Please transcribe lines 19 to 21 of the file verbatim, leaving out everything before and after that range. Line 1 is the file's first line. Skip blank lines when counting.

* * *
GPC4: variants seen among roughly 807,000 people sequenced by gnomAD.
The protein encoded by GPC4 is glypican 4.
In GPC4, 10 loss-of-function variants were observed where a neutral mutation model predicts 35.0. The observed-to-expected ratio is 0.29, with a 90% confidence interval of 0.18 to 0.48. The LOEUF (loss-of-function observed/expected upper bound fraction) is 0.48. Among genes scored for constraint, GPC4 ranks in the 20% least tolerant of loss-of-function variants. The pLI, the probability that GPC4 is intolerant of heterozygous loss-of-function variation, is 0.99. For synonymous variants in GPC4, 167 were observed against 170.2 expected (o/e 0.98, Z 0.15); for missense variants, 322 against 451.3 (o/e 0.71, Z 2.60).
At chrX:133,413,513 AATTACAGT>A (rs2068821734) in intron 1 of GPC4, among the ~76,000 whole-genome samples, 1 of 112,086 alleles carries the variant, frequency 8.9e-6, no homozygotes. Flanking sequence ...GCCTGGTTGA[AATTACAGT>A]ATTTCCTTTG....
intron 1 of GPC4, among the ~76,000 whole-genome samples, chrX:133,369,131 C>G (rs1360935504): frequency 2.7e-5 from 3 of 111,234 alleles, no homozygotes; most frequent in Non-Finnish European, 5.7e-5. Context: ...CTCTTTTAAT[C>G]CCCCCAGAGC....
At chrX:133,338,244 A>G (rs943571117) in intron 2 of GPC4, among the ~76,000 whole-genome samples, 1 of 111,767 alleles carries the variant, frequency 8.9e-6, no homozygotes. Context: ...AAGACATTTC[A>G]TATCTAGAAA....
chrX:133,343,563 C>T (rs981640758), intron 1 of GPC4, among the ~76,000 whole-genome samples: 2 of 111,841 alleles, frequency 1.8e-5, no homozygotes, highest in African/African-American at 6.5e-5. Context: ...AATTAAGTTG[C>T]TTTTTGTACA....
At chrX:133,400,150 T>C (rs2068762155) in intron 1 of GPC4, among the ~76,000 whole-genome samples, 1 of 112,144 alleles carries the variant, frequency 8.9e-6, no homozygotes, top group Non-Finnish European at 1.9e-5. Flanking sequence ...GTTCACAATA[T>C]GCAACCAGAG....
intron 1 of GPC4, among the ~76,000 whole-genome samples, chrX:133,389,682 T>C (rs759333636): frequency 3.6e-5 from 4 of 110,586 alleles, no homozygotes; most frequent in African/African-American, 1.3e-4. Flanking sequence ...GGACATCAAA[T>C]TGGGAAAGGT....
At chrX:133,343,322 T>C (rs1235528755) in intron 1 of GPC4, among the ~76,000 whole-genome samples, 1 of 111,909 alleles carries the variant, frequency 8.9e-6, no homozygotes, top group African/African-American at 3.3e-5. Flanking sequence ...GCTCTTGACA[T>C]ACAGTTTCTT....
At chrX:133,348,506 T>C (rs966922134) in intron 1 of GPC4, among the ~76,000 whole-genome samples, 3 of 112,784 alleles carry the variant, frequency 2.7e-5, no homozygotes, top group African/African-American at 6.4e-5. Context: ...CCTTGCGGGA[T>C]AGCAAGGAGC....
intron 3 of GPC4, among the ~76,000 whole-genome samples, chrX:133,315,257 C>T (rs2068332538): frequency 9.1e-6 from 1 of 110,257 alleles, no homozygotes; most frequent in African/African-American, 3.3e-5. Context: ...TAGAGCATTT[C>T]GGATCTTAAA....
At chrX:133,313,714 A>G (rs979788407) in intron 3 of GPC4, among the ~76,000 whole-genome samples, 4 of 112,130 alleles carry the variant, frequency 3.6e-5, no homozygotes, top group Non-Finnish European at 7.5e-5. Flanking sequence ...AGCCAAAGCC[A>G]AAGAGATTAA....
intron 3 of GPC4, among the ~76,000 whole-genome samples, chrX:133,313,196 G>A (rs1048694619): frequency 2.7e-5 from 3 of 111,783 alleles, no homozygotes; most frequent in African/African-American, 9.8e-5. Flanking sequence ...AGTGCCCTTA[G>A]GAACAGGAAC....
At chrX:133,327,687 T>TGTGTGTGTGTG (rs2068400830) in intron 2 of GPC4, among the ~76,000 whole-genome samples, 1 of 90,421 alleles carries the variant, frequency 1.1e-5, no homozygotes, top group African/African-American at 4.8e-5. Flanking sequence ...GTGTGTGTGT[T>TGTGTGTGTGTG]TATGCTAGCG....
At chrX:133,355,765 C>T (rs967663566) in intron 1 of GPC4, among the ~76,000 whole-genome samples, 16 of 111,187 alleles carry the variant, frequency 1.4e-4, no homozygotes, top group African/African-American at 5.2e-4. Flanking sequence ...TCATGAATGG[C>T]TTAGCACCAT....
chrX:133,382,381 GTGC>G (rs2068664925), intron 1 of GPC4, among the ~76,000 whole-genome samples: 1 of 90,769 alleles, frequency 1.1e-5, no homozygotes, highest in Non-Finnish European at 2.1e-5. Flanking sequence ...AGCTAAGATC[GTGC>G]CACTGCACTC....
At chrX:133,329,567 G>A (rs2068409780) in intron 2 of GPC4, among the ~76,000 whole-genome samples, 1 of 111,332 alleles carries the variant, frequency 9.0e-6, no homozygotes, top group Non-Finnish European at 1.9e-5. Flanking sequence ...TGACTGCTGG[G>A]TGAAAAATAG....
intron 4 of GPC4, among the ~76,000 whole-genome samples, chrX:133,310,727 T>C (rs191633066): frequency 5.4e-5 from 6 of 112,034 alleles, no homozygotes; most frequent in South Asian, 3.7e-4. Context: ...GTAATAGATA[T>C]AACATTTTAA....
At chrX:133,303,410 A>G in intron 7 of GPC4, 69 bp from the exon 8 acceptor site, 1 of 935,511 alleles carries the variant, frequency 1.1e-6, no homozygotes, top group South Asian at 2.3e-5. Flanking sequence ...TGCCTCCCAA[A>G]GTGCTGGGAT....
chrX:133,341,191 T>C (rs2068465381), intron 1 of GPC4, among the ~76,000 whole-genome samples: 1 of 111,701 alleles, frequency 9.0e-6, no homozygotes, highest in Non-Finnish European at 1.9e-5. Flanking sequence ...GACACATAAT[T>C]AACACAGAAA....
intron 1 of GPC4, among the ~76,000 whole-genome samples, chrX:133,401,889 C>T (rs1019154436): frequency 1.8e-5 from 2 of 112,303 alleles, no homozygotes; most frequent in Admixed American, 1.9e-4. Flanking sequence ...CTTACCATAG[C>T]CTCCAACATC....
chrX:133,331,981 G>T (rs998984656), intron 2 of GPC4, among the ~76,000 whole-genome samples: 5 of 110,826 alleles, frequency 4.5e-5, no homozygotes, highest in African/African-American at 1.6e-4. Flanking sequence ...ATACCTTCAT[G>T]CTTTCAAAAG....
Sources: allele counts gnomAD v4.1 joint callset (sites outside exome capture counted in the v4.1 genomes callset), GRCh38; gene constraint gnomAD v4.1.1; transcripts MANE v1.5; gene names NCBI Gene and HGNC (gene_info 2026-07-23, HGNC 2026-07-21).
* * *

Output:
intron 4 of GPC4, among the ~76,000 whole-genome samples, chrX:133,310,727 T>C (rs191633066): frequency 5.4e-5 from 6 of 112,034 alleles, no homozygotes; most frequent in South Asian, 3.7e-4. Context: ...GTAATAGATA[T>C]AACATTTTAA....
At chrX:133,303,410 A>G in intron 7 of GPC4, 69 bp from the exon 8 acceptor site, 1 of 935,511 alleles carries the variant, frequency 1.1e-6, no homozygotes, top group South Asian at 2.3e-5. Flanking sequence ...TGCCTCCCAA[A>G]GTGCTGGGAT....
chrX:133,341,191 T>C (rs2068465381), intron 1 of GPC4, among the ~76,000 whole-genome samples: 1 of 111,701 alleles, frequency 9.0e-6, no homozygotes, highest in Non-Finnish European at 1.9e-5. Flanking sequence ...GACACATAAT[T>C]AACACAGAAA....